unequivocal, its attendant
pale shade—all that moves
over this balcony at the top
of the house in Cleopatra the Baths.
This poem, too, a vestige—
since these cages, thrown open one last time,
exhaled their spirit
into the wide, the crowded sky.
Published in Saranac Review
BREAKFAST IN ALEXANDRIA
Your father unwraps brown paper
packages from Shenouda’s market
arranges salami and mortadella
two kinds of olives
on red and green plastic plates
balances a knife beside yellow Turkish cheese.
He unties the bag of Lebanese bread
bought at the bakery on the next block
when it opened just after the first call
to prayer, when the sky, still star-filled,
goes lavender along the city’s rooftops.
Spooning tea leaves into slender glasses, he loses himself
in a whistling sound made through his teeth, less
like music than the sea-breeze along the Corniche
a song he had to squeeze through clenched teeth those
when he’d rise before anyone else
descend three floors to the street
with each flight, each step
steeling himself against the inevitable sight
of a corpse in the street, perhaps a neighbor or cousin
please no not a neighbor or a cousin
fasten the body or what was left of the body
to the back of his French Chrysler, drag
what was left of the body to another street
away from the streets his children
walked to their schools, and be back upstairs
to put the water to boil as his family awakened.
But the violent boiling of water signals peace
this morning and, across the sea, Lebanon lies quiet at last.
He turns off the gas under the pan, pours the singing water
into three glasses, one by one, adds more sugar
than any of us should have, sips his
to be sure it is sweetened enough
and only then, calls:
Y’allah! Breakfast is ready.
Published in Mizna: Prose, Poetry and Art
Exploring Arab America [The Lebanon Issue]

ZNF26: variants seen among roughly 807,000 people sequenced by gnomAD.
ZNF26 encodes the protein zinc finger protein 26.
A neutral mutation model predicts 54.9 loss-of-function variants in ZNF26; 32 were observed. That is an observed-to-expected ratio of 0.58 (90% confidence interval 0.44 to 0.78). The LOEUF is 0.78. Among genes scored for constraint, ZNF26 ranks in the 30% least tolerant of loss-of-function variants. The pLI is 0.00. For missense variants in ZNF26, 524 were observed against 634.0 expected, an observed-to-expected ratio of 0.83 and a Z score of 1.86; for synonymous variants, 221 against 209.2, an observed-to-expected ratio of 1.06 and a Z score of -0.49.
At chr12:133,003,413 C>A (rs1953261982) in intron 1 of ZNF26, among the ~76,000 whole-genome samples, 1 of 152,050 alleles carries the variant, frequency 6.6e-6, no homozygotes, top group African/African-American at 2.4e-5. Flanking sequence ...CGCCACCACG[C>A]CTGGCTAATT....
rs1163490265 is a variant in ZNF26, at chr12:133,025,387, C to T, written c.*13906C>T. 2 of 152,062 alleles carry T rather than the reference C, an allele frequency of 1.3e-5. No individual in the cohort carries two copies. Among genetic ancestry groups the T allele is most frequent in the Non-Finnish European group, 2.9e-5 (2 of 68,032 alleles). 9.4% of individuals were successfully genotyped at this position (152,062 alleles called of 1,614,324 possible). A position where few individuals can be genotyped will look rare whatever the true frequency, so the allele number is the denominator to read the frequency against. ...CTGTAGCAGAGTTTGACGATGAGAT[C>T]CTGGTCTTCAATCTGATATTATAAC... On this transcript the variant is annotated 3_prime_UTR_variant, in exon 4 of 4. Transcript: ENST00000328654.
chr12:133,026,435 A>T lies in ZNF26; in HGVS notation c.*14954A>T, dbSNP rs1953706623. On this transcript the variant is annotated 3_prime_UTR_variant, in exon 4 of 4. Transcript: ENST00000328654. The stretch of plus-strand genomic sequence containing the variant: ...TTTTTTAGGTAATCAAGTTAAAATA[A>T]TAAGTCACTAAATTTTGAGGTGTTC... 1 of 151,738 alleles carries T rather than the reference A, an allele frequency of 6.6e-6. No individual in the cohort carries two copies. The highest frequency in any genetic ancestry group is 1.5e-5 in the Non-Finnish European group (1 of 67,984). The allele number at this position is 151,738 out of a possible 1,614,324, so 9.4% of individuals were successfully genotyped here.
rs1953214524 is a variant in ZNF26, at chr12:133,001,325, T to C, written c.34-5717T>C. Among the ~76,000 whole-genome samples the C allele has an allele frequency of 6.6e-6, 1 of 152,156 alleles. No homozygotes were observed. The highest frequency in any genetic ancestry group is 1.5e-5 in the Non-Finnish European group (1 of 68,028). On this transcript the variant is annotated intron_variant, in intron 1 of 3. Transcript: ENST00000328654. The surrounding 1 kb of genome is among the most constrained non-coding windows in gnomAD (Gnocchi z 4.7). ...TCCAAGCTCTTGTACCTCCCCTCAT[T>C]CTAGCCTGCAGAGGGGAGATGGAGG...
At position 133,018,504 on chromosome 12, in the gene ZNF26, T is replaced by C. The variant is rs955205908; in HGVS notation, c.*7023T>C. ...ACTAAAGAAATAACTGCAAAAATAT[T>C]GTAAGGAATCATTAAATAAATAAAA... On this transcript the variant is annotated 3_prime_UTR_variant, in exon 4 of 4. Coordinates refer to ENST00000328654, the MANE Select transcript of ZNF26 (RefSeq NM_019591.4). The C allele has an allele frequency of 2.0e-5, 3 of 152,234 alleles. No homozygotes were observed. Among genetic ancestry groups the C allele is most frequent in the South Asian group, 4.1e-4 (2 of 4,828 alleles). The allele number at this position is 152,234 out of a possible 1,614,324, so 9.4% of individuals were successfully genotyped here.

THE LAST MORNING
Listen—your final pleasure—to the voices,
to the exquisite music of that strange procession,
and say goodbye to her, to the Alexandria you are leaving.
You predicted it would come: rain.
Five, maybe six hours west of Alexandria.
Told your brother, both of you standing
On the kitchen balcony overlooking the best of Alexandria.
In Elie’s eyes, only sheer blue, kites motionless
As if painted on the horizontal sky of Alexandria.
You turned your back on the sea—just 60 years in your bones—
Headed to your bed, the morning papers of Alexandria.
But your soul—ah, your soul!—swan-dives from that kitchen balcony
Bound for the beach, one last swim in Alexandria:
Your soul arcs over the alley—ducks, chickens, lone turkey
And the squatters from lands south of Alexandria—
Circles over Omar El-Khayyam’s five stars, Délices, your old cabana
(Now paved over), even Cavafy’s flat—he, like you, well-versed in Alexandria—
Over the honking rush of the Corniche to your holiest of waters, diving
Deep, deeper, past spawn of all the fish you ever caught off Alexandria,
Deeper still to where bronze gods sleep in sea-sand undisturbed,
Verdigris vestiges of glorious Alexandria.
Rising to the surface without a gasp to face the east—
Oriented this way long before the rest of Alexandria—
As invisible rain-carrying clouds at your back crawl past Benghazi,
El-Alamein, Marsa Martrouh, tracing the desert road towards Alexandria.
Fouad, your time come, can your heart say goodbye to her after all?
Your soul bobs in the blinding sea, for eternity immersed in Alexandria.
Published in Connecticut Review
Poetry in this post: © Claire Zoghb
Published with the permission of Claire Zoghb